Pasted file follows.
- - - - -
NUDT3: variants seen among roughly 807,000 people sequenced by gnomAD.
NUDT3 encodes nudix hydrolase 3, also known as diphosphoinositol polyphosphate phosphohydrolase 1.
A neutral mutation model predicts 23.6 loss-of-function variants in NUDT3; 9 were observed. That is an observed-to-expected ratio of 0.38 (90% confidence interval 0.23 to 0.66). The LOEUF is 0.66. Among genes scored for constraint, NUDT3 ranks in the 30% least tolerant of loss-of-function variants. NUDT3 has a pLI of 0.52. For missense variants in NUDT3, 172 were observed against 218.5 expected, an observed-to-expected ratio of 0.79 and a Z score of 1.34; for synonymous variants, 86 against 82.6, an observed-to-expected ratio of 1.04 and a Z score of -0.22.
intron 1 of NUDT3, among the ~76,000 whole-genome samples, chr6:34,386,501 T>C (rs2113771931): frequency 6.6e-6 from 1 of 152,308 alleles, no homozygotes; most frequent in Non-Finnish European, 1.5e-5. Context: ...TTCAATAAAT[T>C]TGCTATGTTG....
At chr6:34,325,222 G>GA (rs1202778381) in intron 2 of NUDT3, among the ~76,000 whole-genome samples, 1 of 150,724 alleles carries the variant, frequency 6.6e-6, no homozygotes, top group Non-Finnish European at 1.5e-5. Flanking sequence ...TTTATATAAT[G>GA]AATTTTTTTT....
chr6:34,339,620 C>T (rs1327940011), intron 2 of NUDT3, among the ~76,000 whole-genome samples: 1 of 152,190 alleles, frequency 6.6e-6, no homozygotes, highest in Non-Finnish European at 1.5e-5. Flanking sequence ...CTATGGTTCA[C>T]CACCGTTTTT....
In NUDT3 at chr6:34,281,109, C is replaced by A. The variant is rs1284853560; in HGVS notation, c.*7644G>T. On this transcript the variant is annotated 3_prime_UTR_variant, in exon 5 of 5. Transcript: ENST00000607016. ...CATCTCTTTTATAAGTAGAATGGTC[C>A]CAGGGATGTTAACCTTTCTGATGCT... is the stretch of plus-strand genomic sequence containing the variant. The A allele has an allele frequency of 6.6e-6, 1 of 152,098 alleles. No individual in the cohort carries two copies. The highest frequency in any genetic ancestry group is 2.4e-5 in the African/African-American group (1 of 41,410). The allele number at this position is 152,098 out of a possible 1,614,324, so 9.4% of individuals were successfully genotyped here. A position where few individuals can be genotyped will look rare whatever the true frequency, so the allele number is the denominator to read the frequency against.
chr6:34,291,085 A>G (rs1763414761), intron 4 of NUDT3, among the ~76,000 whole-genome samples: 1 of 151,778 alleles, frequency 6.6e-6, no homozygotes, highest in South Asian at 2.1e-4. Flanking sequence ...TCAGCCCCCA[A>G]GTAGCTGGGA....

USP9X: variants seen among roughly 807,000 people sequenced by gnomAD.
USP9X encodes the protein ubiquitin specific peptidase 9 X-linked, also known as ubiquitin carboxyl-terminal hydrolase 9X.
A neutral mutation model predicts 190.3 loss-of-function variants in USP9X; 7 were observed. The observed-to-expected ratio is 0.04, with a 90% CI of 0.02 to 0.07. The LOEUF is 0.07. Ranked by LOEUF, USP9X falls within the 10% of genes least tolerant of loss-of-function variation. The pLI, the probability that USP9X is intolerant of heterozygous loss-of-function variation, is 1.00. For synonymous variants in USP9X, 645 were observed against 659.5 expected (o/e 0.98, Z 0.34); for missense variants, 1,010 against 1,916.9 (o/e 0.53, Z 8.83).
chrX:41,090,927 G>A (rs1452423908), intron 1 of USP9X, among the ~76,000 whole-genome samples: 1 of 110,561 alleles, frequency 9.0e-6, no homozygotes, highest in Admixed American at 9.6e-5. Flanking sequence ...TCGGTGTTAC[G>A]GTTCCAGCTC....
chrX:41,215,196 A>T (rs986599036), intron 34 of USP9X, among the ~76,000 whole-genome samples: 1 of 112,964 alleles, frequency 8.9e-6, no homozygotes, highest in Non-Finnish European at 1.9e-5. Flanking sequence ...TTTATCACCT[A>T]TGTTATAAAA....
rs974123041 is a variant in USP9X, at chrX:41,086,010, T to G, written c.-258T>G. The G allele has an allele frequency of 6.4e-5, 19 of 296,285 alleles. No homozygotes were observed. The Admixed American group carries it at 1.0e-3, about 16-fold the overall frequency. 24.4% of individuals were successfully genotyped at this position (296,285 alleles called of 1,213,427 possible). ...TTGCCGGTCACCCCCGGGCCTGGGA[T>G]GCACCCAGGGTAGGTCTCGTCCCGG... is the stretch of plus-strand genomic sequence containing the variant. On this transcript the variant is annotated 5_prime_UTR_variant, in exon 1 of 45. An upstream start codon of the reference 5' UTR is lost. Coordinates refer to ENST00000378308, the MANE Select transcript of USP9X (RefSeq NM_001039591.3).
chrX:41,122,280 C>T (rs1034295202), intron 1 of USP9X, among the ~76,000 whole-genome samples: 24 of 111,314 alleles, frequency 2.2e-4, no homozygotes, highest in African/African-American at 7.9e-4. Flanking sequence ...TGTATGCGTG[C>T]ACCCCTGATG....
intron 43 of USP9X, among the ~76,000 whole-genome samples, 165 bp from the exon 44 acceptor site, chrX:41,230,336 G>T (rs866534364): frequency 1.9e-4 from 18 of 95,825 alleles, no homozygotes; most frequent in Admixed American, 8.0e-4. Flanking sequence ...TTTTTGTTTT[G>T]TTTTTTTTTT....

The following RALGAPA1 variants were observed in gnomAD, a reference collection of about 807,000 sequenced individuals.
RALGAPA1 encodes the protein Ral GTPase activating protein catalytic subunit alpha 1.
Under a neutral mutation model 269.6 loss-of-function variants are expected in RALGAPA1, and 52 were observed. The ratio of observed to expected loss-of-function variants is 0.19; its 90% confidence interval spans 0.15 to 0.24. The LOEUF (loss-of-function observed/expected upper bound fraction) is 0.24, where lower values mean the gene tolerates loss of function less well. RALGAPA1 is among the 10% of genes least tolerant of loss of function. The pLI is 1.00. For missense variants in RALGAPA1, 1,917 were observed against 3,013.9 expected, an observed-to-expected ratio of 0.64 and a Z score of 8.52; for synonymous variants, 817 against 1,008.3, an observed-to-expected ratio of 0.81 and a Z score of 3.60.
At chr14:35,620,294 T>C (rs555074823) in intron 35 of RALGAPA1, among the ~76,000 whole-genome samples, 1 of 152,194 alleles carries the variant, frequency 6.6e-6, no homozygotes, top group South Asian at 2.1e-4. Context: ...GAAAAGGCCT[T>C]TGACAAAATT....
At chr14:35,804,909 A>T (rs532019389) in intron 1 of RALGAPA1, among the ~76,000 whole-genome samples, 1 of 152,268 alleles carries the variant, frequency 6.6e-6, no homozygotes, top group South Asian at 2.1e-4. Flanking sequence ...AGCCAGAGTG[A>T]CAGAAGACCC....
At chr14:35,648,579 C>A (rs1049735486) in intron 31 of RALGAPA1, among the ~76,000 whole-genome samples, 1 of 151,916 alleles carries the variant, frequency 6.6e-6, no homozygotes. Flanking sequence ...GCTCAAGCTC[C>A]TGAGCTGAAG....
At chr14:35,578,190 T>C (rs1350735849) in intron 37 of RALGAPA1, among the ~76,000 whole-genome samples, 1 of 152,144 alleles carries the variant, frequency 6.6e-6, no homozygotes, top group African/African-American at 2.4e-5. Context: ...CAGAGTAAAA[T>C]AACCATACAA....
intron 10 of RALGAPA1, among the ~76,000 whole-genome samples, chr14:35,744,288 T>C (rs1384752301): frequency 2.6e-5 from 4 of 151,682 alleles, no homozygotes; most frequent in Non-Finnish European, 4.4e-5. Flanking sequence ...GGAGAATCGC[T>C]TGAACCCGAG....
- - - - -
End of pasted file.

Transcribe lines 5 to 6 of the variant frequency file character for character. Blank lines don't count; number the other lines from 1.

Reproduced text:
At chr6:34,325,222 G>GA (rs1202778381) in intron 2 of NUDT3, among the ~76,000 whole-genome samples, 1 of 150,724 alleles carries the variant, frequency 6.6e-6, no homozygotes, top group Non-Finnish European at 1.5e-5. Flanking sequence ...TTTATATAAT[G>GA]AATTTTTTTT....
chr6:34,339,620 C>T (rs1327940011), intron 2 of NUDT3, among the ~76,000 whole-genome samples: 1 of 152,190 alleles, frequency 6.6e-6, no homozygotes, highest in Non-Finnish European at 1.5e-5. Flanking sequence ...CTATGGTTCA[C>T]CACCGTTTTT....